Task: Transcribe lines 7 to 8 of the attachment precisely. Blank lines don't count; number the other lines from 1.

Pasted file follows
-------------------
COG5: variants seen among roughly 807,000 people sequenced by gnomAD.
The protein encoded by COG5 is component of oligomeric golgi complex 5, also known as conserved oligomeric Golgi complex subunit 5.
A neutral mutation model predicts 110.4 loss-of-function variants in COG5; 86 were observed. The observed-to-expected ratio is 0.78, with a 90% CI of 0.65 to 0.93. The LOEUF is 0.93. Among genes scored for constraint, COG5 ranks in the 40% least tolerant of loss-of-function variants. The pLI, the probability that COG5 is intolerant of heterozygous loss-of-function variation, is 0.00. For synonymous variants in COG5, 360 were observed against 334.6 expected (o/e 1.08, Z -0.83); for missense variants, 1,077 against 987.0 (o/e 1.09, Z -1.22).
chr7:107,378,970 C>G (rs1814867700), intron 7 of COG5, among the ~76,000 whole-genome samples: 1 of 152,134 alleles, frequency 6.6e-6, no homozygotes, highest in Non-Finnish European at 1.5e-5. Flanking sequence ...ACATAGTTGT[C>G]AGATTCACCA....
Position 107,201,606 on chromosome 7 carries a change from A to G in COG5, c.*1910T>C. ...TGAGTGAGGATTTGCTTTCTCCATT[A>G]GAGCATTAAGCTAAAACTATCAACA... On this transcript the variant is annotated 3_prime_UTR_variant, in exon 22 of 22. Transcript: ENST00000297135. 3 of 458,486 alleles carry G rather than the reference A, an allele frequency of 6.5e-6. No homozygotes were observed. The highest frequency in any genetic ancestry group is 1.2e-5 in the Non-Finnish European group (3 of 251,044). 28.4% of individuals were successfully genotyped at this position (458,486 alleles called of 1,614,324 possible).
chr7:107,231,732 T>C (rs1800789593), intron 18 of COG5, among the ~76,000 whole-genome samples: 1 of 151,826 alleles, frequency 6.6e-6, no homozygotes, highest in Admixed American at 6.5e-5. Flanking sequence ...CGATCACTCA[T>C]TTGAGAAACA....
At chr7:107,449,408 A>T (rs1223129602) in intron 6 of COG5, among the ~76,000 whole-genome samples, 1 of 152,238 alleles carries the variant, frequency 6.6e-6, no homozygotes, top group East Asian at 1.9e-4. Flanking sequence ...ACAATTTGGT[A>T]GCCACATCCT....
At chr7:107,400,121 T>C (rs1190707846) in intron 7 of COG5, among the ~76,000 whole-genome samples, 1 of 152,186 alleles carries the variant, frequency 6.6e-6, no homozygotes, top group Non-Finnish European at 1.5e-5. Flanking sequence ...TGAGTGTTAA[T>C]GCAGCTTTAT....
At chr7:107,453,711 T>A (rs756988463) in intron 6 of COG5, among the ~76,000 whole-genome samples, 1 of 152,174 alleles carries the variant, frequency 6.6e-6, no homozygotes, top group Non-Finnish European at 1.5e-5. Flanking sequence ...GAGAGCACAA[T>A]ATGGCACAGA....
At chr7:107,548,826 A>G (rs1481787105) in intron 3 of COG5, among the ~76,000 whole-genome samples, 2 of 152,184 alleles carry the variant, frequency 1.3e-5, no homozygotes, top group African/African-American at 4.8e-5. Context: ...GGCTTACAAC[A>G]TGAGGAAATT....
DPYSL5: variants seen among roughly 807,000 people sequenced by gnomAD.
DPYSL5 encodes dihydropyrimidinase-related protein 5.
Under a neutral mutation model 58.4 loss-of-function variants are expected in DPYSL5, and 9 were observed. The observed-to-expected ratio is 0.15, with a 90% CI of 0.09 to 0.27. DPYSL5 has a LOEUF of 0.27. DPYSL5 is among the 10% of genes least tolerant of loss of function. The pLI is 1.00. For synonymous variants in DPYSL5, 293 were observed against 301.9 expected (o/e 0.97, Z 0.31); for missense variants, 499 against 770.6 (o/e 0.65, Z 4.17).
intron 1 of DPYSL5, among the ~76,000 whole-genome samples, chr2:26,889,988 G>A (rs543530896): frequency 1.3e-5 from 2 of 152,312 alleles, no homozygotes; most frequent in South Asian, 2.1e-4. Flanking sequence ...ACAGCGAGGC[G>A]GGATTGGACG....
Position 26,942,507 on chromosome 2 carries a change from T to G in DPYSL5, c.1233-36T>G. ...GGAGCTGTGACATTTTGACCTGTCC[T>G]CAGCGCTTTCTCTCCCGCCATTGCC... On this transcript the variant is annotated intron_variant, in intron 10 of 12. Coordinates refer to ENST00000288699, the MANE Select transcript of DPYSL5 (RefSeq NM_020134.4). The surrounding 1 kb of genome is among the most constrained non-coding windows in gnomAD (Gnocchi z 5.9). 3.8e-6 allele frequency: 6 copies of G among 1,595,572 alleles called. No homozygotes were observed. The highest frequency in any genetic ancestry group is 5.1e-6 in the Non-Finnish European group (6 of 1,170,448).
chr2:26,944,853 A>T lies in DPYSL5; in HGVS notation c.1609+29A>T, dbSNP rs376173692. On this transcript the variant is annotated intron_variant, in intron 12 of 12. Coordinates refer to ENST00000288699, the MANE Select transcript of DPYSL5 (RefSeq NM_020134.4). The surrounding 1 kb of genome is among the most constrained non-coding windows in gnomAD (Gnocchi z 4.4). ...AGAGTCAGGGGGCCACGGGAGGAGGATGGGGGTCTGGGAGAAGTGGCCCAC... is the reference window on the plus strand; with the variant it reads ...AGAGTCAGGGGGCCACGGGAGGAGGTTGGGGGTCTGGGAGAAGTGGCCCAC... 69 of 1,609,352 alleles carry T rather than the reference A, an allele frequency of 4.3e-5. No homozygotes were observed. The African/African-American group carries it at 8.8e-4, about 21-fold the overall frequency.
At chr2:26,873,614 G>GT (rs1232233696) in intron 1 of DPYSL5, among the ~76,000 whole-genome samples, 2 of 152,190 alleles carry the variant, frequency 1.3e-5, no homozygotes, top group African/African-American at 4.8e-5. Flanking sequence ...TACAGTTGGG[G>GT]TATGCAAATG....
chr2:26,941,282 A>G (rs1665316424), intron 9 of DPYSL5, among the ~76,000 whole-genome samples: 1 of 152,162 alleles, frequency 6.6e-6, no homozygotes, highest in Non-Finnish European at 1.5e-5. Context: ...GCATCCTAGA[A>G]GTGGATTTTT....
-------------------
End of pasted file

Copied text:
At chr7:107,449,408 A>T (rs1223129602) in intron 6 of COG5, among the ~76,000 whole-genome samples, 1 of 152,238 alleles carries the variant, frequency 6.6e-6, no homozygotes, top group East Asian at 1.9e-4. Flanking sequence ...ACAATTTGGT[A>T]GCCACATCCT....
At chr7:107,400,121 T>C (rs1190707846) in intron 7 of COG5, among the ~76,000 whole-genome samples, 1 of 152,186 alleles carries the variant, frequency 6.6e-6, no homozygotes, top group Non-Finnish European at 1.5e-5. Flanking sequence ...TGAGTGTTAA[T>C]GCAGCTTTAT....